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Cuba Dissidents Win Award but Not Obama Audience

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By Mary Beth Sheridan
Washington Post Staff Writer
Thursday, June 25, 2009

Five Cuban dissidents who have collectively spent decades in jail for their pro-democracy activities were given a top award by the National Endowment for Democracy last night. But, unlike in past years, their representative was not invited to the White House, organizers said.

Carl Gershman, president of the endowment, said the organization asked two weeks ago whether President Obama could meet with Bertha Antúnez, the sister of one of the dissidents, who was picking up the award on their behalf. Gershman said he never got a response. It was the first time in five years that the president had not met with the winner of the Democracy Award, according to the endowment, which is funded by Congress.

"I am disappointed, and also surprised since the President said in the campaign that Libertad would be the touchstone on his Cuba policy," Gershman said in an e-mail, using the Spanish word for "liberty."

An administration official, speaking on the condition of anonymity, said the fact that Antúnez had not been invited to the White House should not be interpreted as a lack of interest from Obama, saying the president receives many such requests.

Some activists have faulted Obama's team for not taking a stronger stand on human rights -- while acknowledging the administration's decisions to end the use of harsh interrogation techniques, close the U.S. military prison at Guantanamo Bay, Cuba, and reverse other Bush-era policies.

The endowment had also asked Obama to issue a message to the Cubans to accompany words of support from Vaclav Havel and Lech Walesa, dissidents who went on to lead the Czech Republic and Poland, respectively. The message from Obama arrived shortly before the ceremony began -- after an inquiry by The Washington Post -- with an apologetic note from a National Security Council staffer: "I had my dates confused."

The Obama administration has moved cautiously on Cuba, trying to improve relations by lifting restrictions on travel there by Cuban Americans and by offering to resume talks on immigration that broke off four years ago. Officials have also taken more subtle steps, such as softening the language on Cuba in the annual State Department terrorism report.

But Obama has also said the United States will not drop its trade embargo until Cuba's Communist government improves its record on democracy and human rights.

In the message, Obama congratulated the Cubans for the award, saying four of them had been "unjustly jailed for defending the basic freedoms we all hold dear in the Americas." "It is my sincere hope that all political prisoners who remain jailed, including three of today's award recipients, will be unconditionally released and allowed to fully participate in a democratic future in Cuba," the message said.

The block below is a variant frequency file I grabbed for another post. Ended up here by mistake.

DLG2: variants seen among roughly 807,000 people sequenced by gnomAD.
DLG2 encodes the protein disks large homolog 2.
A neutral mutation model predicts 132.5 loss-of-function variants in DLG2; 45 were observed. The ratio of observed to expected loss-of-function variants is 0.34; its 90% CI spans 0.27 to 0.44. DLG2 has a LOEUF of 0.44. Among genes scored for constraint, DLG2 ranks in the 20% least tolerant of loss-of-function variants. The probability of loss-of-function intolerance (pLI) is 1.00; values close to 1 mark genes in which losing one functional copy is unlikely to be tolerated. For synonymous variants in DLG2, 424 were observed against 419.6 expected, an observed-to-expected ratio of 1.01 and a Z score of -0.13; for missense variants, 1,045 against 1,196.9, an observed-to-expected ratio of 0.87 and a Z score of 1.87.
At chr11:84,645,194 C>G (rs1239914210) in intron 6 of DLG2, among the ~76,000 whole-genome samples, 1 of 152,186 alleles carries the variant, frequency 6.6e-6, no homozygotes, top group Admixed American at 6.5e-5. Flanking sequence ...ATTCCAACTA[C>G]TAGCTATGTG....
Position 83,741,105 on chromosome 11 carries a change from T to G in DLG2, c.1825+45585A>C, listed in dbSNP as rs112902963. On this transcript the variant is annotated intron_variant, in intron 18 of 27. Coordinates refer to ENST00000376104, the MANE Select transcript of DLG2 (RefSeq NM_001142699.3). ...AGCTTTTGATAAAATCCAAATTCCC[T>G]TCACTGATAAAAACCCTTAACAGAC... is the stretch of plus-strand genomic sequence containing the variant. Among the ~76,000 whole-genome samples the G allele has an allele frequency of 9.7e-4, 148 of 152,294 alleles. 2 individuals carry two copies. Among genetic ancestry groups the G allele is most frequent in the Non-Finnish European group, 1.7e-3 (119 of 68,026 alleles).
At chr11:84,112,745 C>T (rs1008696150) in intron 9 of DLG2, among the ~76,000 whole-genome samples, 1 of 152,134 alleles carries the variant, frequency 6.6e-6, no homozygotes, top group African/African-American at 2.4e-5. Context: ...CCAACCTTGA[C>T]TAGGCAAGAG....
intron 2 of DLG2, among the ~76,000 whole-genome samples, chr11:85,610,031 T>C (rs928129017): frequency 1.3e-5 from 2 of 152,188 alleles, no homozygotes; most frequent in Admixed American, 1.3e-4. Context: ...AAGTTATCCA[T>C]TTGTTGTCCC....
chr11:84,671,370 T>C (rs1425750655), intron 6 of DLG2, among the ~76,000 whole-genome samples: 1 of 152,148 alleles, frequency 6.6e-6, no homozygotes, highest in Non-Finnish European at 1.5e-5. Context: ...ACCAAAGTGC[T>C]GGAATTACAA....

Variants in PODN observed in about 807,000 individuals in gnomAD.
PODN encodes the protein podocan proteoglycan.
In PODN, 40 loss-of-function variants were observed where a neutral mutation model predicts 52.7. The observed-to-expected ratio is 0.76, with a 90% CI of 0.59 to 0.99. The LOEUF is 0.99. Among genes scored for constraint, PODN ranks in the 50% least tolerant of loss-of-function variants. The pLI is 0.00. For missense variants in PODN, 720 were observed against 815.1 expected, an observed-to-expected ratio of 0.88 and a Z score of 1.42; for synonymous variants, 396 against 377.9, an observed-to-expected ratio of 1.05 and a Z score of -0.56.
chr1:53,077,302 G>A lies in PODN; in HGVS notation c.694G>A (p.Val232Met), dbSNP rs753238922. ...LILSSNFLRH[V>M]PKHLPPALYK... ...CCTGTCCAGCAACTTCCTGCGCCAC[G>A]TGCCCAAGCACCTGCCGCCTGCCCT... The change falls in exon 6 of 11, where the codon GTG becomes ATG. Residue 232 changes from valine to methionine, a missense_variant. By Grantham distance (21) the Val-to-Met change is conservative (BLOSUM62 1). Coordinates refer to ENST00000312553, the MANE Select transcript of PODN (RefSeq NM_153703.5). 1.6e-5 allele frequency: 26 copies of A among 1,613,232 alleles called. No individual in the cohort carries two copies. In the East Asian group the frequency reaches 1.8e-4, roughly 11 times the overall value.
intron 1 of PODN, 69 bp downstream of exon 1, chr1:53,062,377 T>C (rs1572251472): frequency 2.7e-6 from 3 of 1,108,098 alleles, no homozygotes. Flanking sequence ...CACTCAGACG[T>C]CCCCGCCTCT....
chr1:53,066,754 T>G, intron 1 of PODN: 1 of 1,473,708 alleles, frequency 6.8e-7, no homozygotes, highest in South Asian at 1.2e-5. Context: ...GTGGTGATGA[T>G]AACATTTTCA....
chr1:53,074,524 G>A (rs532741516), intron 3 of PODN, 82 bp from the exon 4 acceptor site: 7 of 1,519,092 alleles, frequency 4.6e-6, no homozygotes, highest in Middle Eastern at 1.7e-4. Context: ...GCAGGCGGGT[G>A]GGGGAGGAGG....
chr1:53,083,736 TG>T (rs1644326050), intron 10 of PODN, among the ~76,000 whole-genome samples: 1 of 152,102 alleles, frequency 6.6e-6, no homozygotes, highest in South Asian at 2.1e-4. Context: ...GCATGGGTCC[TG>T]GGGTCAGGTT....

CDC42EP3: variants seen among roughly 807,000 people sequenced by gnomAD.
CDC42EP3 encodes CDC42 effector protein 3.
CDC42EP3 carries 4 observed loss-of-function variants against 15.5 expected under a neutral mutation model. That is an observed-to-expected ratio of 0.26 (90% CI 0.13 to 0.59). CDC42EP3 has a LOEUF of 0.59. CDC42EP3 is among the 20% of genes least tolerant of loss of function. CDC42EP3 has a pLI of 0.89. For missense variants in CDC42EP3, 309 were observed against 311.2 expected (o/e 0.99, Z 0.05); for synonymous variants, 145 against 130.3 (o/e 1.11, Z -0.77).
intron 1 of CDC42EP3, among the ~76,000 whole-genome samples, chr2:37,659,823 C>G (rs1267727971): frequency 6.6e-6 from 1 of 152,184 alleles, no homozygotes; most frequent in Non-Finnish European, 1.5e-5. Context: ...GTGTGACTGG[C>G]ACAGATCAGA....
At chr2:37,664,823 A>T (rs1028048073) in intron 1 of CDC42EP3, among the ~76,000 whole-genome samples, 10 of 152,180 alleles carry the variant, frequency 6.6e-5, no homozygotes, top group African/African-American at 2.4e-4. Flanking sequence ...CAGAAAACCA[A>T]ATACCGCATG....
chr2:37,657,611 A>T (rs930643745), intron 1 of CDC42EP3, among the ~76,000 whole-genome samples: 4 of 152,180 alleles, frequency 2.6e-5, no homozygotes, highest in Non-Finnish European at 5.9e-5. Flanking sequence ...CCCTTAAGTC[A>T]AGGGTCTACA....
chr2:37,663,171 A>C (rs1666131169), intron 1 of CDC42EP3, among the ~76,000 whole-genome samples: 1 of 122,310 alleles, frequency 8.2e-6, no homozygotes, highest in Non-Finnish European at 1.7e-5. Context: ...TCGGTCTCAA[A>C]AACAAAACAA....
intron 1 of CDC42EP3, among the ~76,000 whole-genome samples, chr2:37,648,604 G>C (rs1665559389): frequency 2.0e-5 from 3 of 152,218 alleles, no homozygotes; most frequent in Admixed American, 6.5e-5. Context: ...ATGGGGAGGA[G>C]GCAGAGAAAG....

Former House minority leader Richard A. Gephardt (D-Mo.), chairman of the endowment, presented the award at a ceremony in the Cannon House Office Building attended by lawmakers. In the past, the group has given the prize to Chinese democracy activists, Afghan civic workers and such luminaries as Havel.

The presentation included a video about the five Cubans, in which one of them, labor activist Iván Hernández Carrillo, spoke in a phone call from prison. "Congressmen, I thank you for this recognition because it reminds us that we are not simply malcontents but fighters for democracy," he said.

Gershman said Carillo lost his once-a-month phone privilege for six months after the call.

Antúnez, who moved to Miami a year ago, said she was disappointed not to meet Obama. "What I'd like is to have the opportunity to tell the president about the situation of the country . . . and tell him of the hope the Cubans have placed in him," she said in an interview. She added that she hoped Obama would not alter the traditional U.S. hard line on Cuba, because "any change could give strength to the government."

Her brother, Jorge Luis García Pérez, is an Afro-Cuban dissident who was released from jail in 2007 after 17 years. His wife, Iris Pérez Aguilera, who is also black, leads a group called the Rosa Parks Feminist Movement for Civil Rights.

The other two recipients were José Daniel Ferrer García, a youth activist from the Christian Liberation Movement; and Librado Linares García, founder of the Cuban Reflection Movement, a human rights organization. Both are in jail.


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